Rockland, ME

Pull out your captain's hat-it's time for lobster and seafaring adventure.



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BEST WEEKEND TO GO: July 29--August 2

DISTANCE: 394 mi -- about 6 hours 57 mins

WHY GO: "It's a five-day event, where the big thing is lobster," says Maine Lobster Festival president Tammy Kolmosky. The succulent, shelled insects of the sea draw about 60,000 people to the small coastal town of Rockland every summer (this year's feast occurs between July 29 and August 2). This here is lobster country, population delicious. The main eating tent, where the majority of the lobsters are consumed, is situated right near the lovely Penboscot Bay. It's not all sitting around getting fat though: The Great International William Atwood Lobster Crate Race pits contestants against one another in a footrace across floating lobster crates. Person who walks on water on longest, wins (registration is open to all, but limited to the first 75 people in each category). Don't miss the parade, and don't panic if you see Crab People—it's probably just a person in a suit.

WHY STAY: Check out authentic New England paintings, including some from the great Hopper, at the Farnsworth Art Museum (16 Museum St, 207-596-6457,, admission $12). And if you still don't feel the salty New England air pumping through your body, the Maine Lighthouse Museum (1 Park Drive, 207-594-3301,, $5), with its peerless collection of Fresnel lenses and old fog bells, should do the trick.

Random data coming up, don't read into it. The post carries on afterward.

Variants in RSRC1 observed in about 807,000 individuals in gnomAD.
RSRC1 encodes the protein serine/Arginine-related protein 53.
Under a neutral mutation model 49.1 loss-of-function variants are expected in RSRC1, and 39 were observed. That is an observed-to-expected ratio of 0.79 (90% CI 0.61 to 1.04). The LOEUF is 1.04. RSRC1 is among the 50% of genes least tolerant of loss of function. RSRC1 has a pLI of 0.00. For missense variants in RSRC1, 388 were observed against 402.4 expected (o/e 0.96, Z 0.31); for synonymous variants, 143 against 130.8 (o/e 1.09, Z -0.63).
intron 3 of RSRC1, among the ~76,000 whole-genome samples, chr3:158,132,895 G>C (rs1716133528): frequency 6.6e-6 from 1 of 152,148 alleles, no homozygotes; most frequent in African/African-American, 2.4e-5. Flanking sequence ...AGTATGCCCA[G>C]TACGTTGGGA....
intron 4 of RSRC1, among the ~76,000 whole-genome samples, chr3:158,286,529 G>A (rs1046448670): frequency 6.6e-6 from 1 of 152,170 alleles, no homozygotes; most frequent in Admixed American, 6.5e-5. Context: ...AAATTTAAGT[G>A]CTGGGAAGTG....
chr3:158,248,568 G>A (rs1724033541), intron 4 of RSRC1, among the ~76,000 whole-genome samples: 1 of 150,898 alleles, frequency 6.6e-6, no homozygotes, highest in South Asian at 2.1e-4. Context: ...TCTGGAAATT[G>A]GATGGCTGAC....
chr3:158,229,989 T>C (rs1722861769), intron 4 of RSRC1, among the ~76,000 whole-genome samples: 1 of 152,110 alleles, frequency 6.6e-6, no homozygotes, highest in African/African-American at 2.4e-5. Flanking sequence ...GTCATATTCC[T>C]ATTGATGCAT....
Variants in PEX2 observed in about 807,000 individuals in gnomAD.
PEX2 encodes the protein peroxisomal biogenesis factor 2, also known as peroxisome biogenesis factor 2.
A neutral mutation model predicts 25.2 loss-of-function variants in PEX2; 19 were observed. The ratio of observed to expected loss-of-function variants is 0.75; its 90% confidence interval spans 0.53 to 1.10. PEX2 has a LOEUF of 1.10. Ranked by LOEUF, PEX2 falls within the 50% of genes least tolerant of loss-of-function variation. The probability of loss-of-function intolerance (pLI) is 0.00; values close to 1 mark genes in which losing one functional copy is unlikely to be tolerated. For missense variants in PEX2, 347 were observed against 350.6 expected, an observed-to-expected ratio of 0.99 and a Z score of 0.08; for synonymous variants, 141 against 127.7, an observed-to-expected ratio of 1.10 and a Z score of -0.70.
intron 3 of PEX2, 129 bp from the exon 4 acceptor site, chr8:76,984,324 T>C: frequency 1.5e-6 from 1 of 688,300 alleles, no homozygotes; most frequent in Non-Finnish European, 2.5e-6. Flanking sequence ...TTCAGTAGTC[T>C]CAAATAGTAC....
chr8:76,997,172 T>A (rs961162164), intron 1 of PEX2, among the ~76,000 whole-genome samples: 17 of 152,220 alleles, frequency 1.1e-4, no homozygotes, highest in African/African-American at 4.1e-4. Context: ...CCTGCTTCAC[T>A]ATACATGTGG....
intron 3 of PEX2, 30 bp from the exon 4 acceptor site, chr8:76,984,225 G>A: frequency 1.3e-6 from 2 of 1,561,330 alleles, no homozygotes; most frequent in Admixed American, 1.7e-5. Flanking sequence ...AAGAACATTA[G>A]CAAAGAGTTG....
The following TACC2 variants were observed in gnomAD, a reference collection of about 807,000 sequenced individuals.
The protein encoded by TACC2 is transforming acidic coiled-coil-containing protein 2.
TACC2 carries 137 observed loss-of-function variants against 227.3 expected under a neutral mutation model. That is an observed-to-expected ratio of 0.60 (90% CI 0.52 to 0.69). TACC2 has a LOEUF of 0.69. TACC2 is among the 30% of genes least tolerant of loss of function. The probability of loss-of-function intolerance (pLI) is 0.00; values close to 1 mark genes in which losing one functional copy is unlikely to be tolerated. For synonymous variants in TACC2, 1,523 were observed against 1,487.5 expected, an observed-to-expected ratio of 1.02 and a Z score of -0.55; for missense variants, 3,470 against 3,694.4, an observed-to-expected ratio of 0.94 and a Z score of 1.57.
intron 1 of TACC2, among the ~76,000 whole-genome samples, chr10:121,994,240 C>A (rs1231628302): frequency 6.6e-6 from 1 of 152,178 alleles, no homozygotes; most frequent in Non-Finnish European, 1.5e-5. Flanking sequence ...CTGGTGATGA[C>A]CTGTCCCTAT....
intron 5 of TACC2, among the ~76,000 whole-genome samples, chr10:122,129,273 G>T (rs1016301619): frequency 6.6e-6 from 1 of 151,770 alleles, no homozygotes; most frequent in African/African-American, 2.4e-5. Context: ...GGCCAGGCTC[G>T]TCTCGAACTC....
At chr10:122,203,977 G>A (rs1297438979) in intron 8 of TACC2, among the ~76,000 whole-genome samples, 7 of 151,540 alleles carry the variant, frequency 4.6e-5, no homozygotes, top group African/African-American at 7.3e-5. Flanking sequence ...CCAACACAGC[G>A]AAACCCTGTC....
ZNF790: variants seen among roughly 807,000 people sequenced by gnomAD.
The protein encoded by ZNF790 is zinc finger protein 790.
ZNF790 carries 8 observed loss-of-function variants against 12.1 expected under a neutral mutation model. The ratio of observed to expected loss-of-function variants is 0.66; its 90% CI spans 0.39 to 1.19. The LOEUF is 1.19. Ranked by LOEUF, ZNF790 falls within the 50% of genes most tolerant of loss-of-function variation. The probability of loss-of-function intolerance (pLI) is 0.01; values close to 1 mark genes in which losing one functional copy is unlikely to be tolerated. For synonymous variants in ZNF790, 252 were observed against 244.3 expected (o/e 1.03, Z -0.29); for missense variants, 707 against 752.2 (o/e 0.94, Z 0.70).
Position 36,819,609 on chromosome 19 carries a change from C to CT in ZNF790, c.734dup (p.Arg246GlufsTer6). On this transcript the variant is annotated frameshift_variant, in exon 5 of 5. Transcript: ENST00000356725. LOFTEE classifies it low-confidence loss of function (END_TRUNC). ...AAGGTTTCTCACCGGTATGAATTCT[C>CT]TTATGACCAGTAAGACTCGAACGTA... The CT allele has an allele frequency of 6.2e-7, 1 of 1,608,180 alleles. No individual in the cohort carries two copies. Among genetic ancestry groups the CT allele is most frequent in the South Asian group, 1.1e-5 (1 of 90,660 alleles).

WHAT TO EAT: The Time Out Pub (275 Main Street, 207-593-9336)—no relation—has live music, cheap beer, karaoke and pool tables. And, if you're somehow tired of lobster and just hankering for a pizza, the quaint Cafe Miranda (15 Oak Street, 207-594-2034, should do nicely.

WHERE TO STAY: Kolmosky recommends any of the slew of B&Bs that pepper Rockland and the neighboring communities (check or for complete area lodgings). Hernandez champions the Navigator Inn (520 Main Street between, 207-594-2131,, $89--$169 per night) and the higher-end Samoset Resort (220 Warrenten St, 207-594-2511,, approximately $299--$619 per night), which has one of the region's finest golf courses.

GET THERE: You can take the northeast regional line to Brunswick, usually for $95 each way. From there, definitely jump on the historical Maine Eastern Railroad (whose "classic 1950s equipment is still running!" enthuses architectural intern Alexander Hernandez). It'll drop you off in Rockland near the corner of Pleasant and Union Streets (866-637-2457,, $25--$55 round trip).

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